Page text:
We recently learned that, this generation, the PS4′s DualShock 4 controller would work with PCs out of the box, unlike the PS3′s DualShock 3. Now, a video has surfaced that shows the DualShock 4 working with the Xbox 360. If the video isn’t staged in some way, does that also mean the PS4 controller is also compatible with the Xbox One?
Last generation, Microsoft’s console got a massive amount of exposure thanks to the PC gaming scene, as the Xbox 360′s gamepad doubled as a competent PC gamepad. Many PC games had built-in support for the controller — complete with on-screen button prompts and controls specifically labeled with the 360 gamepad’s layout. Certain PC games were even designed for the 360 gamepad more than they were designed for the keyboard and mouse combo. Sony obviously realized what that exposure meant to Microsoft last generation, and has already made sure the DualShock 4 would be compatible with PC games. If this newly surfaced video isn’t staged, it would appear Sony has made sure its next-gen controller worked with the competition’s hardware.
The video shows a DualShock 4 controlling an Xbox 360. We don’t know how some YouTuber got ahold of a DualShock 4 almost one month ahead of the PS4′s launch, but if the internet is to be believed, some random kid already got ahold of a retail Xbox One. So, stranger things have already happened.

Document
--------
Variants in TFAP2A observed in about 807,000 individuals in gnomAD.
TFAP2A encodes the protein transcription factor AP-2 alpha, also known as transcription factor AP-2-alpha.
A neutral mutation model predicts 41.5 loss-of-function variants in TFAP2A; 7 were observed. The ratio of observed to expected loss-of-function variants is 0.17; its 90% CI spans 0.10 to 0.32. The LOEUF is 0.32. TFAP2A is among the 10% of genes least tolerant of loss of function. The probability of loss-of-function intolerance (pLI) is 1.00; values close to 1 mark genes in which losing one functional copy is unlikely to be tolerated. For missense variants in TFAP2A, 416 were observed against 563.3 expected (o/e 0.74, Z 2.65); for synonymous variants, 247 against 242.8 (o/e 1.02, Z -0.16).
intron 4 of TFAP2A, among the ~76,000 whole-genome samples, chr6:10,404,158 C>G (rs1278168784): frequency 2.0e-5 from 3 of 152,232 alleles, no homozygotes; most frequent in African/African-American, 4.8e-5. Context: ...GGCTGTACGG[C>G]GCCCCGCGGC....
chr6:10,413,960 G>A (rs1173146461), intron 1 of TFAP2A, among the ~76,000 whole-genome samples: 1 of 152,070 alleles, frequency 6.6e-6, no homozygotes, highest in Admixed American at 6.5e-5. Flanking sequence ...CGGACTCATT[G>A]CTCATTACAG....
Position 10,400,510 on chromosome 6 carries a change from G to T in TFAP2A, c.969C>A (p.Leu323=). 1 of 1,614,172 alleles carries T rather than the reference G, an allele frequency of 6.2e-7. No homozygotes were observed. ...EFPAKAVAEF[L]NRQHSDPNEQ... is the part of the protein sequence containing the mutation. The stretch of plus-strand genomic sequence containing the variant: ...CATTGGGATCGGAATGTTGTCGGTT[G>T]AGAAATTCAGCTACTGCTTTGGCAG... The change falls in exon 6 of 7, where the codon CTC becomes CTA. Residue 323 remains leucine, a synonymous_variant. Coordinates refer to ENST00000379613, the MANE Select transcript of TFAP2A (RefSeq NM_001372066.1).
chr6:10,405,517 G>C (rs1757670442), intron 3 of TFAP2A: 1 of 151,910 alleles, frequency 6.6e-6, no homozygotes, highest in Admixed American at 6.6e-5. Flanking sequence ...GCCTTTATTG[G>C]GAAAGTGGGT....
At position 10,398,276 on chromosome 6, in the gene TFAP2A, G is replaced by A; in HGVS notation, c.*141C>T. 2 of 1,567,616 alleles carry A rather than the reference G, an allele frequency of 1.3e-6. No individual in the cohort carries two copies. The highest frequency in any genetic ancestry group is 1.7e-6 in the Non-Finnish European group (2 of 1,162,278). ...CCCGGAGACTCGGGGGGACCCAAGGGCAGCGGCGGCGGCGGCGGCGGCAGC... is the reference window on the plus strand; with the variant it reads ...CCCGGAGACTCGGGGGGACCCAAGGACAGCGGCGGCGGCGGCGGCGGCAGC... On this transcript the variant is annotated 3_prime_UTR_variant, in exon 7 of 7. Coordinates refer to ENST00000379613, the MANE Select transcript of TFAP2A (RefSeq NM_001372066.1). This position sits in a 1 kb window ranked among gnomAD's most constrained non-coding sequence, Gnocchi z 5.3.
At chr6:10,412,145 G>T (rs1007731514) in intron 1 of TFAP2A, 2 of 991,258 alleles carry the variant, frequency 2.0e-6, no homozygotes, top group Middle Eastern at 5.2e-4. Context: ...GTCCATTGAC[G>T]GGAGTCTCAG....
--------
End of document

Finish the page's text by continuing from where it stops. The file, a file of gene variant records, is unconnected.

According to the YouTube video’s comments, the DualShock 4 was made compatible with the Xbox 360 through the use of JoyToKey, a Cronus dongle, and the Cronus Bullseye software. JoyToKey is a piece of software that converts gamepad controls to keyboard and mouse controls. The magic was mainly performed through the Cronus Device, which is a USB adapter that allows you to use any combination of controller and console — a PS3 on a PC, an Xbox 360 controller on a PS3, and so on.
The Cronus dongle requires a wired connection, which means that you can’t use your PS4′s DualShock 4 from the comfort of the your couch that’s too far away from the living room TV. Due to the use of the third-party Cronus adapter, this also means that Sony hasn’t performed some technological voodoo that makes the DualShock 4 compatible with the Xbox One. However, it does mean Sony and Microsoft haven’t (yet) blocked the ability to use either console’s controllers on a competing device.
If the above video turns out to be a real demonstration, then what it means for gamers is that with a little extra money, you won’t be tied down by console-specific controllers if, for example, your hand doesn’t fit comfortably around certain controller contours. Of course, using the Cronus means your brain will still have to fit comfortably around seeing on-screen prompts that display buttons different than those on your controller. Whatever the case may be — especially with the already established PC compatibility — we’re slowly inching closer to an age where you can use one gamepad to control all of your living room game consoles.